In brief, genes are composed of DNA; they are the software instructions for all of the body’s life functions. To further the computer analogy the memory capacity, or software instructions, that are contained within the DNA of a gene is immense. That massive DNA memory contains the massive information, which drives all bodily processes. Roughly that same quantity of DNA information is contained in the genes of many commonhouse plants, also in the genes of animals such as a, fish, dog, cat, mouse, cow, pig, horse, or the genes of the next person you meet on the street. What can influence the genes in the body? Chemicals. Some are environmental chemicals like cigarette smoke, pollutants, drugs, hormones, food ingredients, flavors, fragrances, among many more. Some are synthetic and many are naturally occurring. Synthetic. We will try to focus on chemicals ingested with the food that enters our bodies.

Genes control body functions by a variety of techniques. Mendelian inheritance, or the characteristics that are passed to an individual from the parents, is one way that genes control an individual’s functions. Genes also influence functions through mutation. Genes can be regulated by natural processes, and they can be mutatedat an individual level, a species level, and over time. The environmental influences on genes and gene expression are particularly relevant to this discussion.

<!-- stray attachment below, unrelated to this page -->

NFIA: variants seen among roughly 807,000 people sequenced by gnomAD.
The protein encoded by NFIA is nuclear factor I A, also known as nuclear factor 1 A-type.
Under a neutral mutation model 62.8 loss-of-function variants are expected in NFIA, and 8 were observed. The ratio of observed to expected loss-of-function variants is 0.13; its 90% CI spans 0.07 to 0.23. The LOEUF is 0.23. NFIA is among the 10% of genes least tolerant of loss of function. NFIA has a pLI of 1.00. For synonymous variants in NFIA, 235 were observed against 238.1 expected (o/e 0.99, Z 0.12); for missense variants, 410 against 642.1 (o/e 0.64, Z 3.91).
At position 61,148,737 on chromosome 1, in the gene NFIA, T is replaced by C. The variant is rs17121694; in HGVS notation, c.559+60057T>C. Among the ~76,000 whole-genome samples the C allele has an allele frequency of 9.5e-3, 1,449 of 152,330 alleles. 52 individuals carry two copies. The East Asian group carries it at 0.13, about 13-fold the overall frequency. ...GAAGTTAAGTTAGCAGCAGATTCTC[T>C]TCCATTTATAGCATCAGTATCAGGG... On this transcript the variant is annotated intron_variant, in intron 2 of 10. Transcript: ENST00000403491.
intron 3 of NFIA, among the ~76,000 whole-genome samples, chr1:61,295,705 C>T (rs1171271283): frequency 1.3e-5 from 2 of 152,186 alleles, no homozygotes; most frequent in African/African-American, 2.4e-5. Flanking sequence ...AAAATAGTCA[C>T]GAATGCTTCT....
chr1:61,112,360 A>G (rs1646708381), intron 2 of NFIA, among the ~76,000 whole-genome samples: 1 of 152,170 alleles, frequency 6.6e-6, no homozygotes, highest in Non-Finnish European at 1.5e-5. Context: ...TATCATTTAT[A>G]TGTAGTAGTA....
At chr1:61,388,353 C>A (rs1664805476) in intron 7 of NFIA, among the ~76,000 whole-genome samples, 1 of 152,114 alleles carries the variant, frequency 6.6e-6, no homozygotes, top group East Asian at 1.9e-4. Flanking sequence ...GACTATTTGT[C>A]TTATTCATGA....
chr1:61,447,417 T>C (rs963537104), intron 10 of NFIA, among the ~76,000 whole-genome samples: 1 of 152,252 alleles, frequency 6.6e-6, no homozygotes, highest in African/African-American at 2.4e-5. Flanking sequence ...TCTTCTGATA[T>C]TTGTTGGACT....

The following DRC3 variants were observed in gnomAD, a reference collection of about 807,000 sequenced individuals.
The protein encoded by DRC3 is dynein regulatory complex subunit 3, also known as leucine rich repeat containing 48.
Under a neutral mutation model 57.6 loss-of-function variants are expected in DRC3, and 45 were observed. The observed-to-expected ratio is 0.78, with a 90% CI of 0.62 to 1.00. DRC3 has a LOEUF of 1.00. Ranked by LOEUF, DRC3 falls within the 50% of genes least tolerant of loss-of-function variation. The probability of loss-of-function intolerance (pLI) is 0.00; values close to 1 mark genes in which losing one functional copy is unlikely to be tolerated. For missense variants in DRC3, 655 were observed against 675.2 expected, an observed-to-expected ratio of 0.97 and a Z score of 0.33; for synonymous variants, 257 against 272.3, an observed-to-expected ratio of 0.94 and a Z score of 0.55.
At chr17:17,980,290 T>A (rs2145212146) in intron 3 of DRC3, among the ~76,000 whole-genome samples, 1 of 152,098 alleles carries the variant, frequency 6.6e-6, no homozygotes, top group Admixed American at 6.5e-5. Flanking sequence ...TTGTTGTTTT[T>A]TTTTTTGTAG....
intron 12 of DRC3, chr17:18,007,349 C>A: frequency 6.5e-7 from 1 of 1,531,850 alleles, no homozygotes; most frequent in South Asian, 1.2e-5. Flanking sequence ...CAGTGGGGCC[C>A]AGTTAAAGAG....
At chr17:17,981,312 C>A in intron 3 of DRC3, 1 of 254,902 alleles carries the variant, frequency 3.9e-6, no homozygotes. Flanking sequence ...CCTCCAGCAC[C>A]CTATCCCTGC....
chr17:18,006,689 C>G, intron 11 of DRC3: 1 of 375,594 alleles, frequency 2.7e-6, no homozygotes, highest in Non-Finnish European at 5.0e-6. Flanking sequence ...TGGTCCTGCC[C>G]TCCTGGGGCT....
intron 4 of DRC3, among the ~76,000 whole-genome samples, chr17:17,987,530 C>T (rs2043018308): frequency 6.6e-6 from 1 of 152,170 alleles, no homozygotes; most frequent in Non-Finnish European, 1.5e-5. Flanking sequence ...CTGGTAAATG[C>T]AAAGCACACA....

Mendel’s publication of his classic work on segregation of the genes of the pea plant [3] paved the way for us to understand Mendelian inheritance and ever since geneticists also discovered other inheritance patterns. Mendelian genetics shows that a father with blue eyes and a mother with brown eyes have a 1–in–4 chance of producing a blue–eyed child. These inheritance genetics are well understood, based on Mendel’s publication of his classic work on segregation of the genes of the pea plant from the little known pea study not published for 65 years after it was completed.